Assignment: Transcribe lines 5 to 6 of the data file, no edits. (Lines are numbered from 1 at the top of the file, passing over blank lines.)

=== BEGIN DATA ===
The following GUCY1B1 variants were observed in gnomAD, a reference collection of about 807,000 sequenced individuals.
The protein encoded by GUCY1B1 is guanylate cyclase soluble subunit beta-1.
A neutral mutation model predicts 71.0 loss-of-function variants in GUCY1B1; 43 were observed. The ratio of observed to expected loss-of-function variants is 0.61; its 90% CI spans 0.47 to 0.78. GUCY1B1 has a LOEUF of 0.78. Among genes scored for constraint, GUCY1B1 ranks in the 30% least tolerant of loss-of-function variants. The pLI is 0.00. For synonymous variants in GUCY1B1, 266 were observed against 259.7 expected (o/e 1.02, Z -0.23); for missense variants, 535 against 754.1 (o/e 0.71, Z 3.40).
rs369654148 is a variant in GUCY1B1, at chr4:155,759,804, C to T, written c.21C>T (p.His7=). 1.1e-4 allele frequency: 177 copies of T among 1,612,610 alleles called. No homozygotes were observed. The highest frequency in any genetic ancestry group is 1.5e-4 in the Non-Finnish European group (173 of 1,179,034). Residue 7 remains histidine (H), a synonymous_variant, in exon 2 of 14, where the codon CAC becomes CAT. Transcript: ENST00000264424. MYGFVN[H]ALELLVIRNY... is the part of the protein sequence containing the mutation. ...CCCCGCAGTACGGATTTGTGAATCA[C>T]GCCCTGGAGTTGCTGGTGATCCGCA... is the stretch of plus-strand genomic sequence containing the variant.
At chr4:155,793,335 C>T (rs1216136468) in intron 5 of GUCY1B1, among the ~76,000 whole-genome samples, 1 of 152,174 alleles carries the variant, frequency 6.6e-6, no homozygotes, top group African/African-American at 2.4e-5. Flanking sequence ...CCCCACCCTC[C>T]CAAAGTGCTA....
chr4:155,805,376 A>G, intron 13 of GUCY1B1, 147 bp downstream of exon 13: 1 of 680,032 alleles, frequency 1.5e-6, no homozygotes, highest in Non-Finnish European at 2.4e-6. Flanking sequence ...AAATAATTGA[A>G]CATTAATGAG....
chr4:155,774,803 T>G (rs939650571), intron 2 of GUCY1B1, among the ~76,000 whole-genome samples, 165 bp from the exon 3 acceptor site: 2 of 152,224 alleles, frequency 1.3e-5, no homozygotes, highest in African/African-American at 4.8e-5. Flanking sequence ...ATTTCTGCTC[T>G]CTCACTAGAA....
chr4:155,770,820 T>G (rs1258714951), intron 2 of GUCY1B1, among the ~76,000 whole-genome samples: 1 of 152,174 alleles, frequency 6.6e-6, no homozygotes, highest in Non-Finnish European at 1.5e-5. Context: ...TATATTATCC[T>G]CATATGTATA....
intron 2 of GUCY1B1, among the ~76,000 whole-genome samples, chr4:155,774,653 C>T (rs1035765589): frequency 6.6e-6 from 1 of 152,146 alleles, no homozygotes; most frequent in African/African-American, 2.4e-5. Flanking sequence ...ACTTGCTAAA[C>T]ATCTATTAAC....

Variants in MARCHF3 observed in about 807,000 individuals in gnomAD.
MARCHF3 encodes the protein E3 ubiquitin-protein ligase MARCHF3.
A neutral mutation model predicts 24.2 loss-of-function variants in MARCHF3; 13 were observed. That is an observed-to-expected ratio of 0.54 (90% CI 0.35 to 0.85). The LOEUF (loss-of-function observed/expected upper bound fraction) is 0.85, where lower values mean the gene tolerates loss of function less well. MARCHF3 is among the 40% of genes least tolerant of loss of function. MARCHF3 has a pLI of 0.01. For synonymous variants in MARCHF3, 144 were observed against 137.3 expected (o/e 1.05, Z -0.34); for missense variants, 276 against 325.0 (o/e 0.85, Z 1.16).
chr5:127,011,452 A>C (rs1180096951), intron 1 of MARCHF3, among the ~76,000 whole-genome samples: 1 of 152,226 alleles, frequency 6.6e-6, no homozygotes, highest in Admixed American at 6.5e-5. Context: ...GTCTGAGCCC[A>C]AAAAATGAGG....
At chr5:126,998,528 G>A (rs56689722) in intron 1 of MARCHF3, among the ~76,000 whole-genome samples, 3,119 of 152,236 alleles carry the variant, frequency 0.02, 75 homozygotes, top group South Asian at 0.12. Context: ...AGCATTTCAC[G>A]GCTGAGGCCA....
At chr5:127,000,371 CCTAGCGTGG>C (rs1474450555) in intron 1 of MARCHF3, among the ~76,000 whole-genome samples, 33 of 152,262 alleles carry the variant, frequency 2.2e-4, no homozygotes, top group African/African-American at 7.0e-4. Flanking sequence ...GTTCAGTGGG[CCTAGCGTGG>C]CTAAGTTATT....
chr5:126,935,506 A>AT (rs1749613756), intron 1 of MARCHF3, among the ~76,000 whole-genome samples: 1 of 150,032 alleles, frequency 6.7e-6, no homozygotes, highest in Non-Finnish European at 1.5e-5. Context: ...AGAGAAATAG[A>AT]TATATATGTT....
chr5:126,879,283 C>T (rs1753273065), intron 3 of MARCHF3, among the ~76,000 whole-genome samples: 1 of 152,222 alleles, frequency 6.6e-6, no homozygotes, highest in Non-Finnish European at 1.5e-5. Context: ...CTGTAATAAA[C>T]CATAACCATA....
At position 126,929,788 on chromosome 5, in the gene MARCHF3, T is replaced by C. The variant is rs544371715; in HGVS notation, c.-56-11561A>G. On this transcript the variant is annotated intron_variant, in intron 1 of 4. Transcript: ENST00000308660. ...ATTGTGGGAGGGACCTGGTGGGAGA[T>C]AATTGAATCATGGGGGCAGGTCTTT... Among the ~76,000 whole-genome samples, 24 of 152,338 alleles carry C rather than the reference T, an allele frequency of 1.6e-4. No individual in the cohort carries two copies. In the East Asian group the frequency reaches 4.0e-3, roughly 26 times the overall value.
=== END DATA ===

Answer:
At chr4:155,793,335 C>T (rs1216136468) in intron 5 of GUCY1B1, among the ~76,000 whole-genome samples, 1 of 152,174 alleles carries the variant, frequency 6.6e-6, no homozygotes, top group African/African-American at 2.4e-5. Flanking sequence ...CCCCACCCTC[C>T]CAAAGTGCTA....
chr4:155,805,376 A>G, intron 13 of GUCY1B1, 147 bp downstream of exon 13: 1 of 680,032 alleles, frequency 1.5e-6, no homozygotes, highest in Non-Finnish European at 2.4e-6. Flanking sequence ...AAATAATTGA[A>G]CATTAATGAG....